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COVID-19 Information and Resources

The COVID-19 pandemic has changed virtually every aspect of life at school, at home, and in the community, and has highlighted the critical relationship between health and education.  School closures have impacted 91% of students worldwide. The Rales Center has curated resources and materials for a variety of audiences below.

Rales Center

Webinar

  • Wondering why schools are closed and what it would take to open them? The Rales Center and the Consortium on School-Based Health Solutions hosted a webinar: COVID-19 and Schools: The public health case for closing schools and where we go from here” Featuring Dr. Tina Cheng, Pediatrician-in-Chief, Johns Hopkins Children’s Center, Dr. Eric Toner, Senior Scientist, Johns Hopkins Center for Health Security, and Dr. Katherine Connor, Rales Health Center Medical Director, May 11th, 2020. You can watch a full recording of the webinar here.

Follow us on Instagram

  • The Rales Health Center team has an Instagram page where we will be sharing education and health information. Follow us HERE

School Closure News and Resources

  • The COVID-19 School Closure Response Checklist (SCRC) from the eSchool+ Initiative is intended to guide school and district leaders and other key stakeholders in the decision-making process as they navigate caring for students during COVID-19 school closures. It is designed as a resource to help school teams think collaboratively and responsibly about five essential components of care that are negatively affected by school closures:  1. Continuity of learning, 2. Food security, 3. Health, 4. Housing and safety, 5. Supervision.  See the complete Checklist.
  • How school closures for COVID-19 amplify inequality pandemic-related school closures have posed challenges for school districts and families across the United States. According to Annette Anderson, an assistant professor at the Johns Hopkins School of Education, those challenges are especially pronounced in schools that serve lower-income communities. Read JHU HUB article here. 
  • “When governors reopen states, the decision to reopen schools will be a particularly challenging consideration” listen to experts from the Johns Hopkins School of Public Health and the School of Education on the podcast “Public Health on Call” hosted by Dr. Joshua Sharfstein.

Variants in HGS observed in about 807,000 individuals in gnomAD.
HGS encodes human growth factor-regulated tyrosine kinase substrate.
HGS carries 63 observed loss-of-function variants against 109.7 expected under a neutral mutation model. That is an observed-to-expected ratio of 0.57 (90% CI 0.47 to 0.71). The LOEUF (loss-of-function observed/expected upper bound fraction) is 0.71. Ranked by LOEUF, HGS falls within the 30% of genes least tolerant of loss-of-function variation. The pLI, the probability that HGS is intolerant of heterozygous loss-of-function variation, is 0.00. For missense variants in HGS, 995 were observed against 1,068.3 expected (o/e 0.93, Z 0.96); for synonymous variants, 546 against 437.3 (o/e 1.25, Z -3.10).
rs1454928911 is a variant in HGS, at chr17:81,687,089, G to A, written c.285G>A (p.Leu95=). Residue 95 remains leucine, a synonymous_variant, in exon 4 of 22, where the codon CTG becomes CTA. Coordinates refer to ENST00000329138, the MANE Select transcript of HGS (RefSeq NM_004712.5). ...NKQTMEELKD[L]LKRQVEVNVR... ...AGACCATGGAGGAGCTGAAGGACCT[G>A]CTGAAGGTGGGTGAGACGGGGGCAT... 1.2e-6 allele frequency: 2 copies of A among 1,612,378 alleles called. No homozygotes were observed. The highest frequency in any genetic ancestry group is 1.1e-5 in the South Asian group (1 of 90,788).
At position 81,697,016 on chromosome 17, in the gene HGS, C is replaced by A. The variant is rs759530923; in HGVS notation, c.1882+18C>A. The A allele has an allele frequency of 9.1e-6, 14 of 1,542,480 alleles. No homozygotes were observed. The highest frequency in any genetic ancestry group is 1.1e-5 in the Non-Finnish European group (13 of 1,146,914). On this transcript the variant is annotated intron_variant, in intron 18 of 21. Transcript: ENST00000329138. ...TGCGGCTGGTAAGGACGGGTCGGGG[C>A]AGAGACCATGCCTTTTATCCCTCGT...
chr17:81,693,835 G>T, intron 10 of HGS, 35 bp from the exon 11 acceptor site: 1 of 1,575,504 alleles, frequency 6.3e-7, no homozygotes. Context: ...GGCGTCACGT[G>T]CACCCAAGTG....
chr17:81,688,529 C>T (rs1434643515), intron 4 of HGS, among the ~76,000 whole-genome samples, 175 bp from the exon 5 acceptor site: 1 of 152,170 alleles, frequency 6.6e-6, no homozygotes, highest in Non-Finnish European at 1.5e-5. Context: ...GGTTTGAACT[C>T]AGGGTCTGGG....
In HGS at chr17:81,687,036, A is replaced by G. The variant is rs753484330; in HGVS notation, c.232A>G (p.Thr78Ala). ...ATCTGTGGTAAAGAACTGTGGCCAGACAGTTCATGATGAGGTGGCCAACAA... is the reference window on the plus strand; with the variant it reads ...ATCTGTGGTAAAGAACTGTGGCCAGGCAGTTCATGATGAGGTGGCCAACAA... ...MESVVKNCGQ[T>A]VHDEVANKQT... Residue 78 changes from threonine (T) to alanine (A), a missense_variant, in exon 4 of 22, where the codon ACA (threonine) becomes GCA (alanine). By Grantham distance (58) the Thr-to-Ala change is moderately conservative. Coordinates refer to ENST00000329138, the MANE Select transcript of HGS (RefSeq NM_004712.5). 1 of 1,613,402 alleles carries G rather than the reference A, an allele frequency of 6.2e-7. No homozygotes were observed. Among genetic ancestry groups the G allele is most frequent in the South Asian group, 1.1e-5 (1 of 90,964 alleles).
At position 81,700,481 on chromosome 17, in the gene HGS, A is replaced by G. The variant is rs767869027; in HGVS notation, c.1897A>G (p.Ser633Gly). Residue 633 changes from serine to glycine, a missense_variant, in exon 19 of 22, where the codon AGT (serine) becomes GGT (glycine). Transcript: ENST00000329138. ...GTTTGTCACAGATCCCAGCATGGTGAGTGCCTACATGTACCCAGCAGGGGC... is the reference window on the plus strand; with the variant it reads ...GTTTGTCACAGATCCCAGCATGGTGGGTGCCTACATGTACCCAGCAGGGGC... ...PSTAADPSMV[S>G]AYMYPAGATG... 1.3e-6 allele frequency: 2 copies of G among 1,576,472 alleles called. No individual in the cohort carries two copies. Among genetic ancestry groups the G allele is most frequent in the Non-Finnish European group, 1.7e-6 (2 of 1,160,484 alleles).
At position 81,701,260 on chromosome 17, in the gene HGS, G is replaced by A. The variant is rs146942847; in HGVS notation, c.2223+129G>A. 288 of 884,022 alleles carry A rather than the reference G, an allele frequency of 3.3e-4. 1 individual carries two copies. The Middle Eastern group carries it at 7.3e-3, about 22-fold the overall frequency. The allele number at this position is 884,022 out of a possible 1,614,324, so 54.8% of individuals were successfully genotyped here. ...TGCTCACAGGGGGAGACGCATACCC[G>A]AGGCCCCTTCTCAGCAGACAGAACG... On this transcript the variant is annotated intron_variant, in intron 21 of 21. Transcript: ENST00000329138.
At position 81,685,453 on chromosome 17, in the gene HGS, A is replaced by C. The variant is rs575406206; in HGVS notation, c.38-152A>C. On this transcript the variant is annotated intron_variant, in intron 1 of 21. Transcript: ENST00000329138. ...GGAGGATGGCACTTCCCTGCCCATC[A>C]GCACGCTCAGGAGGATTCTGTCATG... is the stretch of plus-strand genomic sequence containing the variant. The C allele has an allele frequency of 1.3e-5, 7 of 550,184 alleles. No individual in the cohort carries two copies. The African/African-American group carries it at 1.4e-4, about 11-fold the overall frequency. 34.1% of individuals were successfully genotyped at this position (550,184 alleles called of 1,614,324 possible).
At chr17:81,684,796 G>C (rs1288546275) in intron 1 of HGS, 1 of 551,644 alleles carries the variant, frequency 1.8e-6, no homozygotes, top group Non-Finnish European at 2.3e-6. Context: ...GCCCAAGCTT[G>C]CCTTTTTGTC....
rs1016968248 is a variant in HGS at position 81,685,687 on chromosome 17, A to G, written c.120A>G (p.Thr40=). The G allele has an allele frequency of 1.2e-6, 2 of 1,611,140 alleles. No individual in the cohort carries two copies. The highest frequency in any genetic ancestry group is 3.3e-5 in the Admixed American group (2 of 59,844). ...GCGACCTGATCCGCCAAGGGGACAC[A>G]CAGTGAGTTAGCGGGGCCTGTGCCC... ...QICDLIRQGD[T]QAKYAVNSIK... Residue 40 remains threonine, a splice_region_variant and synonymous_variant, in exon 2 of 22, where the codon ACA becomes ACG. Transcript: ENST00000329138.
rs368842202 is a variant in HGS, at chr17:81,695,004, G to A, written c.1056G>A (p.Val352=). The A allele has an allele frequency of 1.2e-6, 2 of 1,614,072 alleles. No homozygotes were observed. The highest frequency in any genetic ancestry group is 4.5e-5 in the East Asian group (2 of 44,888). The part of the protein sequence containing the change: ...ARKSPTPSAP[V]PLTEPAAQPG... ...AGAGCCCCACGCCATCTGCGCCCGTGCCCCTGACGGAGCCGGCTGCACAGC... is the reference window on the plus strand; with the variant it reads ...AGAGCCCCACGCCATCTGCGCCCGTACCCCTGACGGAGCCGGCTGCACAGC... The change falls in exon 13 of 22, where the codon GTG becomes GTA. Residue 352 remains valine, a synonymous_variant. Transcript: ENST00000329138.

• Johns Hopkins COVID-19 School Closures News Roundup:  Weekly summary of national news on school closures due to COVID-19 published by the Johns Hopkins Consortium on School-Based Health Solutions, The Berman Institute of Bioethics, and the Center for Safe and Healthy Schools at the Johns Hopkins School of Education. You can also sign up to receive the weekly digest by email.
  • Learn the basics about COVID-19 and how you can become a public health warrior and stop the spread of the novel coronavirus. From the Johns Hopkins School of Public Health

Social Inequalities and COVID-19

  • This map from COVIDMINDER illustrates how states with greater social inequality have higher COVID-19 mortality rates.
  • Data from Washington University in St. Louis illustrates the sharp growth in housing requests following COVID-19, particularly in high-poverty ZIP codes. Their data also shows that while people in high poverty ZIP codes make up only 10% of the population, they account for 39% of food assistance requests during COVID, suggesting that the burden of the pandemic is being shouldered disproportionately by high poverty communities. Read the full article here.
  • The Social Interventions Research and Evaluation Network (SIREN) from the University of California, San Francisco has published a list of articles connecting the COVID-19 pandemic with social determinants of health and equity. You can find the full list here.
  • The Color of Coronavirus: COVID Deaths by Race and Ethnicity in The U.S. The pandemic is disproportionately impacting racial/ethnic minority populations, particularly Black Americans. “The novel coronavirus has claimed more than 75,000 American lives through May 7, 2020… For each 100,000 Americans (of their respective groups), 40.9 Blacks have died, along with about 17.9 Asians, 17.9 Latinos and 15.8 Whites. These rates are so disparate it can be hard to appreciate what this means. To put it plainly: If Black Americans had died of COVID-19 at the same rate as White Americans, at least 10,000 more Black Americans would still be alive.”  Read more from APM Research Lab

Health Resouces for Parents and Educators

COVID-19 Basics

Support for Gifted and Advanced Learners

Books and Coloring pages

Nutrition

Physical Activity

Mental Health

Sleep

Parents Well-Being

The Rales Center